Likewise, she and her colleagues are seeking practical solutions, so as to have only female nurses to attend the patient during nighttime – thereby finding compromises between the adherence to religious and professional practices and values. But even so, she is really shocked by the fact that a religious symbol interferes with the professional duties. To her it is not a sustainable situation.
Despite all the positive feelings, at the same time the narrator is surprised, disorientated, dismayed and even insulted that one of the family members – the doctor – goes against the hospice doctors´ assessment by seeking other alternative treatment for the terminally ill father.
Thus, the image is contradictory and basically ambivalent.
6. Representations, values, norms, prejudice: The frame of references of the person or group that is causing the shock / that caused the shock in the narrator
There is, in general, a close relationship across generations in Turkey. The adult children are supposed to take care of their parents, and they are supposed to respect the older generation.
The man and father is traditionally regarded as the head of family. Even if reforms have changed the position of women in society in many respects, most women are still far from the equality experienced, in general, by Danish women.
The women of this particular family of Turkish origin are prepared to do anything to help, support and take care of their husband/father. One of the daughters uses her professional position as a medical doctor to meet these values and norms, even though she thereby has to “mix” the professional and private identity. In reality, by this action, she is also as a medical professional in the Danish healthcare system violating her professional standards by sending the patient to another hospital for supplementary tests and treatments, knowing that this may be a useless effort towards her terminally ill father.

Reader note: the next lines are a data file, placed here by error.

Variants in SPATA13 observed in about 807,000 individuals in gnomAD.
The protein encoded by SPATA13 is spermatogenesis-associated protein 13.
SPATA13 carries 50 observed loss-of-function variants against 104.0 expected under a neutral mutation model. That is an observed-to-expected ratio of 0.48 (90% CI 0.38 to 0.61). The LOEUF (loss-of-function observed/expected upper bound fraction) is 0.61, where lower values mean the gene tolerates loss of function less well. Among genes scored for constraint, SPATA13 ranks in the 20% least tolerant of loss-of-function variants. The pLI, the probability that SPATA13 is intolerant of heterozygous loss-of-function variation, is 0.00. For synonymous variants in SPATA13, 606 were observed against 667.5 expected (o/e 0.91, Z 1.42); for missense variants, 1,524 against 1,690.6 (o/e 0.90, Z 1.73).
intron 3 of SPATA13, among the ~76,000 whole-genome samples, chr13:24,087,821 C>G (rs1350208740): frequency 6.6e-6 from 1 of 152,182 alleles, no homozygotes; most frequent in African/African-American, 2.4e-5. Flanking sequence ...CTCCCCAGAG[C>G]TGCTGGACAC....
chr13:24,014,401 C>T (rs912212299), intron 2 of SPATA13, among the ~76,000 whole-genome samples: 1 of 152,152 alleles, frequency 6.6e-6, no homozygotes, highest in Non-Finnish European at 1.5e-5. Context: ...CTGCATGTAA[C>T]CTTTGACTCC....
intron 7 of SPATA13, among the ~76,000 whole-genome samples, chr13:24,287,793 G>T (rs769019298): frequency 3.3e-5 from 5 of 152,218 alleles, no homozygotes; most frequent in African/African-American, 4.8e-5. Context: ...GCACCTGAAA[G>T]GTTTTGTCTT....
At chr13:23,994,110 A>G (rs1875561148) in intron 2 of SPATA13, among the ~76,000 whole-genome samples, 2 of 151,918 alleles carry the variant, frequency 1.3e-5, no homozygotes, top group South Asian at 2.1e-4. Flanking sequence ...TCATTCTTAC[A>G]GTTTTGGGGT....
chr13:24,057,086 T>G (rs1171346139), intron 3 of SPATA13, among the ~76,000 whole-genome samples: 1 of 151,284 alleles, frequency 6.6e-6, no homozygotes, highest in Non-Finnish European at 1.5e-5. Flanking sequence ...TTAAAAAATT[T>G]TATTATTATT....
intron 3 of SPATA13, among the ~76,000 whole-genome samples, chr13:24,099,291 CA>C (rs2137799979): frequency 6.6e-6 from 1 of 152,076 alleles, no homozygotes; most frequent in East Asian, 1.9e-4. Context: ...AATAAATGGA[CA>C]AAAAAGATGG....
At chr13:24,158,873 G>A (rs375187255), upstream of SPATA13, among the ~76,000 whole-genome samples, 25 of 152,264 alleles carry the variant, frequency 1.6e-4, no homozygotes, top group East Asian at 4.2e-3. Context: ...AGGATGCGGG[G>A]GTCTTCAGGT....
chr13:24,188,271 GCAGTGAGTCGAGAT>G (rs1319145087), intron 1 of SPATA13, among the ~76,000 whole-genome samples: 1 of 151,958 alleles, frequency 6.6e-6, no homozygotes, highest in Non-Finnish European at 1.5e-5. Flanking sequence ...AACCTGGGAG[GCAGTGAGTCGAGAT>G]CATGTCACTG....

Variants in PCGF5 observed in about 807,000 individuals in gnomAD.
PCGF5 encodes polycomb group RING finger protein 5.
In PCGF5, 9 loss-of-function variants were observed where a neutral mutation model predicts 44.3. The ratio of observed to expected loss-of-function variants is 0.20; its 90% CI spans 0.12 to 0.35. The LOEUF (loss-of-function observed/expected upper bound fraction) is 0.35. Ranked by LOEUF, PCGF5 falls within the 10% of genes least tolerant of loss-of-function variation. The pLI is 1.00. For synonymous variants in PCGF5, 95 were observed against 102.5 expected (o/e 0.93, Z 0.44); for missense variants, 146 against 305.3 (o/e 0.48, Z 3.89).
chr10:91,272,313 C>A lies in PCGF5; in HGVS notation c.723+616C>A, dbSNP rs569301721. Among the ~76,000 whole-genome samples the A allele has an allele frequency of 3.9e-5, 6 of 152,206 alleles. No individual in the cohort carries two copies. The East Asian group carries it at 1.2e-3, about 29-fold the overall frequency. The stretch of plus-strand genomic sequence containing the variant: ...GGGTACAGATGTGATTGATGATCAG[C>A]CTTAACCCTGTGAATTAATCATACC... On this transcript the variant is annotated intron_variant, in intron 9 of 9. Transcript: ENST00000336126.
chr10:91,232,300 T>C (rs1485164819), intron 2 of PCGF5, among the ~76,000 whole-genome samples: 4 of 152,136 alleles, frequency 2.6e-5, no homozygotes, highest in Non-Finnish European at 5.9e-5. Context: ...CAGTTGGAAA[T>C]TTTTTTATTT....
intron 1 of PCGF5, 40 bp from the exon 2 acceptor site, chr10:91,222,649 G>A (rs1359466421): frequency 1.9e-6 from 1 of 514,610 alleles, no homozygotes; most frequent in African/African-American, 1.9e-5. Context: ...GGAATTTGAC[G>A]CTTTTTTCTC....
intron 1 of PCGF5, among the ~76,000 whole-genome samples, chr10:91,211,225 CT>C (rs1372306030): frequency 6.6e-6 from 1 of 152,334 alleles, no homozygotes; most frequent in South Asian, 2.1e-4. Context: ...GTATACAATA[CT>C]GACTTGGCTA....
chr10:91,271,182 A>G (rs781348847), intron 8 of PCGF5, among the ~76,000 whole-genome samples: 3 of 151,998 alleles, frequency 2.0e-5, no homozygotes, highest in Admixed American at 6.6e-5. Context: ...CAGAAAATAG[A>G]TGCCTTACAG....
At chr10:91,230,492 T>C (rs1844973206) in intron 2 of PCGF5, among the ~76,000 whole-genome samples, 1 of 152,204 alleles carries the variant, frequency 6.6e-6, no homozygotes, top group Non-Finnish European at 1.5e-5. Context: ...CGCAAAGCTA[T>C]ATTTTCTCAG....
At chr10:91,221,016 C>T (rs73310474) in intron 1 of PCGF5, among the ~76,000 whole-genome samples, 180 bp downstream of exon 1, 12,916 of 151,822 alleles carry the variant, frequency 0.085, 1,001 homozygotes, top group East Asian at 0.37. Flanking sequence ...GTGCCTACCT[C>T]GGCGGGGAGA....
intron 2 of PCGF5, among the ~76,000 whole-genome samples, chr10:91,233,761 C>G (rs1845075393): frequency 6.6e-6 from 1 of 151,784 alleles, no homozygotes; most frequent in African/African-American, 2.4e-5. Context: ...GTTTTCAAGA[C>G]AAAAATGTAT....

Thus, her actions in this situation may reflect the dilemma between her professional (Danish) assessments and values – and her traditional commitment to family values which are partly transferred from her parents´ origins in Turkey – and also partly being a part of traditional Danish family values – especially for daughters.
In summary, the women of the family are giving first priority to cultural-based, traditional values and norms, even though they probably are aware of the rules, values and practices in the Danish healthcare system, given especially one daughter´s own professional position.
Furthermore, they have no linguistic challenges or conceptual obstacles. Apparently, the family also gave high priority to education of the daughters. However, a core point may be the missing communicative – and thus probably conceptual – skills of the husband/father. It could be that the husband/father has a stronger attachment to traditional values and gender positions than the female family members.
In total, the family is stretched between different cultural values, norms and practices of both religious, gender-related and societal character. When death is knocking at the door, they tend to turn to the more traditional cultural values, perhaps, by doing so, to meet the strongest needs and expectations of the dying husband/father.
7. Does the situation highlight any problem concerning the professional practice, or in general about the respect of cultural differences in intercultural situations?
Strict adherence to religious beliefs, values and practices may in many cases interfere with the execution of Western professional healthcare functions.
The incident reflects that it is possible to find common solutions and negotiate compromises to a certain degree. But at the same time, it is necessary to deal with situations where those solutions and compromises are no longer possible, due to increasing acuteness of the health condition of the patient. Then the interaction between patients, relatives and professionals has to be taken to a new level of intercultural dialogue and mutual understanding.